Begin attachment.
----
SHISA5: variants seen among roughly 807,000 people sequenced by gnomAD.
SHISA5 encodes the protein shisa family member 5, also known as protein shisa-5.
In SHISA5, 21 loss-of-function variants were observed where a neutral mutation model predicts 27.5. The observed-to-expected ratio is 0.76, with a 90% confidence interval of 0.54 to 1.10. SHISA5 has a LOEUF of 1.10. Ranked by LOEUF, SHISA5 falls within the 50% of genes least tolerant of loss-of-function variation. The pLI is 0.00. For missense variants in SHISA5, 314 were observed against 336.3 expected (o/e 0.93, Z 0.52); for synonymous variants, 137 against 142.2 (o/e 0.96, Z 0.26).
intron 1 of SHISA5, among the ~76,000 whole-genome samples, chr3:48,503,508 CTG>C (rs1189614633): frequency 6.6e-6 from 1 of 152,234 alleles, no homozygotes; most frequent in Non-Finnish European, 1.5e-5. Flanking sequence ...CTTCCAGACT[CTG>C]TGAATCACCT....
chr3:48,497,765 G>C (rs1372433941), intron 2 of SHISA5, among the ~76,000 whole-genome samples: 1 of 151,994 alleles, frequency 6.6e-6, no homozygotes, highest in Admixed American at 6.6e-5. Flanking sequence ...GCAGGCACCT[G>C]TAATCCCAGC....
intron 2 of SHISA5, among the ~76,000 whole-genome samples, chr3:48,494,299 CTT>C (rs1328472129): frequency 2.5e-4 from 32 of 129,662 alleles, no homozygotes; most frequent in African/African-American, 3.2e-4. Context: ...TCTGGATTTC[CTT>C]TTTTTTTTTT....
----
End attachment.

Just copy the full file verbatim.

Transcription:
SHISA5: variants seen among roughly 807,000 people sequenced by gnomAD.
SHISA5 encodes the protein shisa family member 5, also known as protein shisa-5.
In SHISA5, 21 loss-of-function variants were observed where a neutral mutation model predicts 27.5. The observed-to-expected ratio is 0.76, with a 90% confidence interval of 0.54 to 1.10. SHISA5 has a LOEUF of 1.10. Ranked by LOEUF, SHISA5 falls within the 50% of genes least tolerant of loss-of-function variation. The pLI is 0.00. For missense variants in SHISA5, 314 were observed against 336.3 expected (o/e 0.93, Z 0.52); for synonymous variants, 137 against 142.2 (o/e 0.96, Z 0.26).
intron 1 of SHISA5, among the ~76,000 whole-genome samples, chr3:48,503,508 CTG>C (rs1189614633): frequency 6.6e-6 from 1 of 152,234 alleles, no homozygotes; most frequent in Non-Finnish European, 1.5e-5. Flanking sequence ...CTTCCAGACT[CTG>C]TGAATCACCT....
chr3:48,497,765 G>C (rs1372433941), intron 2 of SHISA5, among the ~76,000 whole-genome samples: 1 of 151,994 alleles, frequency 6.6e-6, no homozygotes, highest in Admixed American at 6.6e-5. Flanking sequence ...GCAGGCACCT[G>C]TAATCCCAGC....
intron 2 of SHISA5, among the ~76,000 whole-genome samples, chr3:48,494,299 CTT>C (rs1328472129): frequency 2.5e-4 from 32 of 129,662 alleles, no homozygotes; most frequent in African/African-American, 3.2e-4. Context: ...TCTGGATTTC[CTT>C]TTTTTTTTTT....